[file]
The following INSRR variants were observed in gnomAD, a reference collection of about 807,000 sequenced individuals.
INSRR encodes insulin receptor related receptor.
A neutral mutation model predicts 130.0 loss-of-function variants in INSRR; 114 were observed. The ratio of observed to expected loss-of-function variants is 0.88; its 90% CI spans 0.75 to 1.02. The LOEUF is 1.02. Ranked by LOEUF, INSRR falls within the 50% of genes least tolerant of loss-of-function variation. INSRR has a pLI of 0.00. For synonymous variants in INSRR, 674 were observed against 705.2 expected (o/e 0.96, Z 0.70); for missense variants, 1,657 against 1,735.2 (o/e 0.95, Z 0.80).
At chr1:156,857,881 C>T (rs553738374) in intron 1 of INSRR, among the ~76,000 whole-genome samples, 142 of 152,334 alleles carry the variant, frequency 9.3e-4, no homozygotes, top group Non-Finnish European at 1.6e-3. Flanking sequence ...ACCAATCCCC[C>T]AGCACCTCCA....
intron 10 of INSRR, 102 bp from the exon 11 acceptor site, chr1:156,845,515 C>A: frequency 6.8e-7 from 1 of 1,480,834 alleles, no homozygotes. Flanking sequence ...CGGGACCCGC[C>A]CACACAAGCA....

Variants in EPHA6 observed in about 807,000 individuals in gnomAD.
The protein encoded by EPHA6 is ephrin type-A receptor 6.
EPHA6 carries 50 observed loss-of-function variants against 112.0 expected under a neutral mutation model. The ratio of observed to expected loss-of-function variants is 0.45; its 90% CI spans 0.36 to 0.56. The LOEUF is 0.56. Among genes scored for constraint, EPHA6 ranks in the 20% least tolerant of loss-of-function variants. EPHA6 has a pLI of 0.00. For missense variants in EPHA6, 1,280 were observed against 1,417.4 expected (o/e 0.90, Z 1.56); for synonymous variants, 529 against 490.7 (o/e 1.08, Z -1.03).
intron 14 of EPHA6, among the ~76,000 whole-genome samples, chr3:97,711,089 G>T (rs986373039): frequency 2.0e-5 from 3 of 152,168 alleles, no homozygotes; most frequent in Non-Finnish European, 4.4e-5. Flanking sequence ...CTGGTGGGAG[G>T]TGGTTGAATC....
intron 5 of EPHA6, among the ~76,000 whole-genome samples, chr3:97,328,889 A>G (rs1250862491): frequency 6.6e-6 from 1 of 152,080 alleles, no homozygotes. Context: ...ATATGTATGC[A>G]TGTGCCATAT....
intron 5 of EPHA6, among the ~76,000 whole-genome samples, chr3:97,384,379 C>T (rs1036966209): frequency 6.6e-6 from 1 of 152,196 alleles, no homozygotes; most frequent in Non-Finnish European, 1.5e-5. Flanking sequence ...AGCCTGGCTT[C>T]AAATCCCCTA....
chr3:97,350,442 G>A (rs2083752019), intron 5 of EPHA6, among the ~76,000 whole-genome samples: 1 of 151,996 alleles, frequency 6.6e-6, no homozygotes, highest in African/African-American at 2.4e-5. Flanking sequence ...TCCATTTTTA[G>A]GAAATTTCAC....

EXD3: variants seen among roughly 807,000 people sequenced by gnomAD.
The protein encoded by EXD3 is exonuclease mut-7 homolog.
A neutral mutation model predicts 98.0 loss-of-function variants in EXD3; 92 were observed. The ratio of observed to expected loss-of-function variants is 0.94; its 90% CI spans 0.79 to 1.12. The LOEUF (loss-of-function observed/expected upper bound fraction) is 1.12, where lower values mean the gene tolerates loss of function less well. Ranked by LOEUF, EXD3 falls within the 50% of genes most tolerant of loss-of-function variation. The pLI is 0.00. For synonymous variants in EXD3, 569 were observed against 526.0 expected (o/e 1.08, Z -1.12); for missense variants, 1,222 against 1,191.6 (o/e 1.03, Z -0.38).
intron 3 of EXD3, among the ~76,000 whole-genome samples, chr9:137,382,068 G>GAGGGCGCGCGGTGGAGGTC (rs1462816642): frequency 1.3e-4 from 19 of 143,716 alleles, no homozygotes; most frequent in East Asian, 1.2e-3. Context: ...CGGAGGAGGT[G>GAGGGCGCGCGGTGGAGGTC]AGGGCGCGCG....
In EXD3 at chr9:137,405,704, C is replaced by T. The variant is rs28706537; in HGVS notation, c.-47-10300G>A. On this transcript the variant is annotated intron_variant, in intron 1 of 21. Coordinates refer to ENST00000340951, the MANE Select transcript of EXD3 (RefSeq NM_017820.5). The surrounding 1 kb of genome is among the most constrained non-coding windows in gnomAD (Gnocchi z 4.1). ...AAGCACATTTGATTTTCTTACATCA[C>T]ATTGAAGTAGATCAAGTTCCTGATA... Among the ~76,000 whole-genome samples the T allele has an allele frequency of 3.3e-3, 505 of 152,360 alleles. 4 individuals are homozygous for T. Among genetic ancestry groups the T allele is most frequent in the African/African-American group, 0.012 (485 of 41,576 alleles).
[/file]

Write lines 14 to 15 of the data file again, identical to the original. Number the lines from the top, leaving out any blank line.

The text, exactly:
The protein encoded by EXD3 is exonuclease mut-7 homolog.
A neutral mutation model predicts 98.0 loss-of-function variants in EXD3; 92 were observed. The ratio of observed to expected loss-of-function variants is 0.94; its 90% CI spans 0.79 to 1.12. The LOEUF (loss-of-function observed/expected upper bound fraction) is 1.12, where lower values mean the gene tolerates loss of function less well. Ranked by LOEUF, EXD3 falls within the 50% of genes most tolerant of loss-of-function variation. The pLI is 0.00. For synonymous variants in EXD3, 569 were observed against 526.0 expected (o/e 1.08, Z -1.12); for missense variants, 1,222 against 1,191.6 (o/e 1.03, Z -0.38).